Objective: To evaluate the role of cerebral velocimetry as a predictor of Perinatal outcome in high-risk pregnancies.
Methods: Middle cerebral artery pulsatility index was measured in 576 high-risk pregnancies undergoing umbilical velocimetry. The results of both tests were evaluated with respect to the birth of small for gestational age (SGA) infants and adverse perinatal outcome, defined as perinatal death, cesarean delivery for fetal distress, or low Apger score.
Results: Once umbilical velocimetry was taken into account, cerebral velocimetry did not improve the prediction of fetal growth restriction or adverse perinatal outcome. Neither test was able to predict adverse perinatal outcome in normally grown fetuses. As for SGA fetuses with adverse perinatal outcome, the simultaneous assessment of both umbilical and cerebral velocimetry did not improve diagnostic accuracy (kappa index 0.37 versus 0.41 for umbilical velocimetry only). However, within the group of high-risk pregnancies with abnormal umbilical velocimetry, the risk of being SGA and having an adverse perinatal outcome was doubled (relative risk 2.1, 95% confidence interval 1.1, 4.3) if cerebral velocimetry also was abnormal.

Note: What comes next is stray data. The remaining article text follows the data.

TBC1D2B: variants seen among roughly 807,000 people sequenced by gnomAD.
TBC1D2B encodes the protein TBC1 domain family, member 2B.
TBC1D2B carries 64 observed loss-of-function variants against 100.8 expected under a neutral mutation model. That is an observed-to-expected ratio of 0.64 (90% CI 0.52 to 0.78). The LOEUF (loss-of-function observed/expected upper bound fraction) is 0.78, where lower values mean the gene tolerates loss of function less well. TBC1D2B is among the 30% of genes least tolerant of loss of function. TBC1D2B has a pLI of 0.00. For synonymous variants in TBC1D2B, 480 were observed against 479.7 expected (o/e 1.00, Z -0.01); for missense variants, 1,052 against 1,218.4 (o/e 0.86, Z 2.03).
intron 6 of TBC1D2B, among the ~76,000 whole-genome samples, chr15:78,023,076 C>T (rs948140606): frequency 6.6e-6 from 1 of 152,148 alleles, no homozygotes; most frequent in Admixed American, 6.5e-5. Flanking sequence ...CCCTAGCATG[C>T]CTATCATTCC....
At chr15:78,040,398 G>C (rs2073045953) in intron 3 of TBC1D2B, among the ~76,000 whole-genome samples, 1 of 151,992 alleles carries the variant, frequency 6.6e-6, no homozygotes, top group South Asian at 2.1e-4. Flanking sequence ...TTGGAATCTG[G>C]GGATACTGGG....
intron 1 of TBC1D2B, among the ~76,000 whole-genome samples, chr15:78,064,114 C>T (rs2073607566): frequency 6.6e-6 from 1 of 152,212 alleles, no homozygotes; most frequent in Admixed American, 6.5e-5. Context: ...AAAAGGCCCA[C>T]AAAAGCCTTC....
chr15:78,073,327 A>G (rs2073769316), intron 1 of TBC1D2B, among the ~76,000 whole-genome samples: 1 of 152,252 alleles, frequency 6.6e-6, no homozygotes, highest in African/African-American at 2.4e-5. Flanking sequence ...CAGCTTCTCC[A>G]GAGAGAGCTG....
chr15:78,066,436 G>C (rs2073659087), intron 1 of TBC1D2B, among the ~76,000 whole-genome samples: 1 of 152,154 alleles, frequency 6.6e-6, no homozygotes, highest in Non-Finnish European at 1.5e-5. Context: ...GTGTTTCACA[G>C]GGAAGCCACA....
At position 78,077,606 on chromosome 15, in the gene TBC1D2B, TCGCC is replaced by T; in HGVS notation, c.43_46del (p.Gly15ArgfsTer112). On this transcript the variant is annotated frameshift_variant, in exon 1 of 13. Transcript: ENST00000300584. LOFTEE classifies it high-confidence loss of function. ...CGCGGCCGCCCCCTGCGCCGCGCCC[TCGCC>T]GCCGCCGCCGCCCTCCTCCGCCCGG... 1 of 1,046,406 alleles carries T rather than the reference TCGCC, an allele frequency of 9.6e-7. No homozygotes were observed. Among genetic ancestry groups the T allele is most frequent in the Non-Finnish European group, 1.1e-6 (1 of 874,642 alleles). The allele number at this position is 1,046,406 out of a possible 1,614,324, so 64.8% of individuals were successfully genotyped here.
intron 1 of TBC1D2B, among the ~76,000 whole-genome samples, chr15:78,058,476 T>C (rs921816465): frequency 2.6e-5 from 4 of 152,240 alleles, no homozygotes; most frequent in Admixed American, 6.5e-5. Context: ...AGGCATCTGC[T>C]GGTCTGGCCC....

Conclusion: The routine use of cerebral velocimetry in high-risk pregnancies adds little information beyond that obtained from umbilical velocimetry; however, it is useful in predicting SGA infants with adverse perinatal outcome when umbilical velocimetry is abnormal.
(C) 1997 The American College of Obstetricians and Gynecologists
Middle cerebral artery velocimetry is useful for predicting adverse perinatal outcome in fetuses with abnormal umbilical velocimetry.